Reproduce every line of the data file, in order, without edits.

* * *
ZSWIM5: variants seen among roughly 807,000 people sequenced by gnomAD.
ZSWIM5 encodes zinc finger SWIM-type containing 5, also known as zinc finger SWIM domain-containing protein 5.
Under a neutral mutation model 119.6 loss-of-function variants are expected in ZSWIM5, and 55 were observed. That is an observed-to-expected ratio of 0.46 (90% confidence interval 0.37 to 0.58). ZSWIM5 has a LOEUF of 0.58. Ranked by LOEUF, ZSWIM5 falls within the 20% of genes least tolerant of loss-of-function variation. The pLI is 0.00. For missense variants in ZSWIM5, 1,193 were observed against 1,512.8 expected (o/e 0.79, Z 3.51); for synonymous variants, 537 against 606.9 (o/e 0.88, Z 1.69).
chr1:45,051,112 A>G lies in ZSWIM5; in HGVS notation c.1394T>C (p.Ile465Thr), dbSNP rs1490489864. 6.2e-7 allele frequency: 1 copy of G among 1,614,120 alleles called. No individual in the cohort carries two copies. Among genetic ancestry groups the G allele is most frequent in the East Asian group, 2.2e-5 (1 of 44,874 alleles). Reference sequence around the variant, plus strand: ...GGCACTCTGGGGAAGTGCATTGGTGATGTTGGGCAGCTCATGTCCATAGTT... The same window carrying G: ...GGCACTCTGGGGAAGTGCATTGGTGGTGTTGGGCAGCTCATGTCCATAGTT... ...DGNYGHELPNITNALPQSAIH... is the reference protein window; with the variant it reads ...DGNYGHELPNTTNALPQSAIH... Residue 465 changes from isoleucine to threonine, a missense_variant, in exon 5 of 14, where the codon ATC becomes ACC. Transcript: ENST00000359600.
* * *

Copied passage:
ZSWIM5: variants seen among roughly 807,000 people sequenced by gnomAD.
ZSWIM5 encodes zinc finger SWIM-type containing 5, also known as zinc finger SWIM domain-containing protein 5.
Under a neutral mutation model 119.6 loss-of-function variants are expected in ZSWIM5, and 55 were observed. That is an observed-to-expected ratio of 0.46 (90% confidence interval 0.37 to 0.58). ZSWIM5 has a LOEUF of 0.58. Ranked by LOEUF, ZSWIM5 falls within the 20% of genes least tolerant of loss-of-function variation. The pLI is 0.00. For missense variants in ZSWIM5, 1,193 were observed against 1,512.8 expected (o/e 0.79, Z 3.51); for synonymous variants, 537 against 606.9 (o/e 0.88, Z 1.69).
chr1:45,051,112 A>G lies in ZSWIM5; in HGVS notation c.1394T>C (p.Ile465Thr), dbSNP rs1490489864. 6.2e-7 allele frequency: 1 copy of G among 1,614,120 alleles called. No individual in the cohort carries two copies. Among genetic ancestry groups the G allele is most frequent in the East Asian group, 2.2e-5 (1 of 44,874 alleles). Reference sequence around the variant, plus strand: ...GGCACTCTGGGGAAGTGCATTGGTGATGTTGGGCAGCTCATGTCCATAGTT... The same window carrying G: ...GGCACTCTGGGGAAGTGCATTGGTGGTGTTGGGCAGCTCATGTCCATAGTT... ...DGNYGHELPNITNALPQSAIH... is the reference protein window; with the variant it reads ...DGNYGHELPNTTNALPQSAIH... Residue 465 changes from isoleucine to threonine, a missense_variant, in exon 5 of 14, where the codon ATC becomes ACC. Transcript: ENST00000359600.